- The Washington Times - Friday, March 17, 2006

LASHKARGAH, Afghanistan — Afghanistan will encourage its powerful drug lords to invest their illegally earned profits in the war-shattered country, according to the governor of the nation’s top opium-growing region.

The offer comes amid warnings of another bumper poppy crop to support a booming narcotics trade, which already accounts for 35 percent of the impoverished country’s income.

“We as a government will provide them the opportunity to use their money for the national benefit,” Helmand Gov. Muhammad Daud said during a trip to the region this week by U.S. Ambassador Ronald Neumann.

“They must invest in industries. They must invest in construction companies,” he said.

But he said that thus far the government has had no success in attracting the drug traffickers to open new businesses and that most of the money is being sent overseas.

The drug trade employs about one in 10 Afghans and brought in $2.8 billion last year, Afghan and U.S. officials said. The vast majority of that goes to traffickers and only a small fraction to farmers.

About 345,000 acres of poppies are believed to have been planted this year — an increase of up to 40 percent from 2005. The opium is refined into heroin before being smuggled out of the country to meet 90 percent of the world’s demand.

A U.S. diplomat, who spoke on the condition of anonymity because of the sensitivity of the matter, said the drug trade was so entrenched that it was difficult to confront the narcotics bosses.

He said the government could grant them an “informal amnesty” if they end their involvement in drugs, swear allegiance to President Hamid Karzai’s government, invest their money at home and pay taxes.

The diplomat said one or two major traffickers have approached the government for talks, but no deals have been reached.

Most of their money is stashed in banks in the United Arab Emirates, he said.

Asked about the offer in an interview at the main U.S.-led coalition base in Helmand, Mr. Neumann compared it to a broad national reconciliation program with Taliban militants and others that aims to bring peace after a quarter-century of war.

“It’s part of a larger problem. You have militia commanders, you have drug lords, you have all kinds of people that at the end of the day, some of them need to be arrested and put in prison, but basically Afghanistan has to come back together,” he said.

But Mr. Neumann said he was not aware of a formal program attempting to get drug traffickers to invest in Afghanistan.

“There is a lot of effort to get Afghans as a whole to invest … [but] I don’t know of any easy way that we are going to distinguish where the money comes from,” he said.

Afghanistan would not be the first nation with a vast drug industry to let barons launder their ill-gotten money.

The U.S. government has accused military-run Burma — once the world’s top producer of opium and still treated as a pariah for its poor human rights record — of allowing drug kingpins and ethnic armies that reached cease-fires with the government to invest in commercial banks and other businesses.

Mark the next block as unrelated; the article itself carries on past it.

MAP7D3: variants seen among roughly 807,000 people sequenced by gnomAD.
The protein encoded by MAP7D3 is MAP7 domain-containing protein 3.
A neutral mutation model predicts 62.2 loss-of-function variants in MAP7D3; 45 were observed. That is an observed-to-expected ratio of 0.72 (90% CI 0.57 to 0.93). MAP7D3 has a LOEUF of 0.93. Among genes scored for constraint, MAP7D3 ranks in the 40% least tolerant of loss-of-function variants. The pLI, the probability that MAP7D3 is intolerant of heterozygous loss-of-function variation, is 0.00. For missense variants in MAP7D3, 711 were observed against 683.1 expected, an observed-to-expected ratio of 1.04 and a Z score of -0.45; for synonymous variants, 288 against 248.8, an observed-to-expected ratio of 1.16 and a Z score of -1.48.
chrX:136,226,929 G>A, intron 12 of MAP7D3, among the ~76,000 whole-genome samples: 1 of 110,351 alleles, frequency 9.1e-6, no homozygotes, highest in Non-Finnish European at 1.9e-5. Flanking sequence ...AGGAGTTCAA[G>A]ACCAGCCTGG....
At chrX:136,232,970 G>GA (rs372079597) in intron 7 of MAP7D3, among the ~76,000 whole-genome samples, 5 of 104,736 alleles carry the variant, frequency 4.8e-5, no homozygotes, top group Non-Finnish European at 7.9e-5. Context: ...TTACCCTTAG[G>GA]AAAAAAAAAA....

Afghanistan’s drug traffickers have acted with virtual impunity since U.S.-led forces in 2001 ousted the Taliban, which in its final two years in power enforced a virtual ban on opium cultivation.

The new judiciary system is weak and has never prosecuted senior traffickers. Afghan and Western officials say the police force is corrupt, with officers suspected of involvement in the narcotics trade.

The government’s approach until now in dealing with drugs has been to eradicate poppy fields forcibly as part of a U.S. and British-backed program, while also providing farmers with the means to grow legal crops.

Although last year saw a notable decline in opium cultivation, only a tiny percentage of the opium fields that were planted were destroyed. That prompted farmers to plant more this year because of the apparent likelihood that they will be able to get away with it, the U.S. diplomat said.

The government has vowed to eradicate more this year, and lines of tractors have already ground up about 12,000 acres of the plants before the milky white, oozing opium gum could be harvested, according to U.S. officials.

Drug agents in recent years have considered using airplanes to spray herbicides on the poppies, but strong opposition from Mr. Karzai halted the idea, the diplomat said.

The ground eradication campaign has also met with resistance.

Taliban rebels have vowed to defend the opium farmers. In some small towns in southern Helmand and Kandahar provinces, posters purportedly by the insurgents have been pasted on walls, promising to prevent widespread destruction of the poppies.

Eradication started last month in Kandahar and last week in Helmand, but there have been only small skirmishes in both provinces so far.

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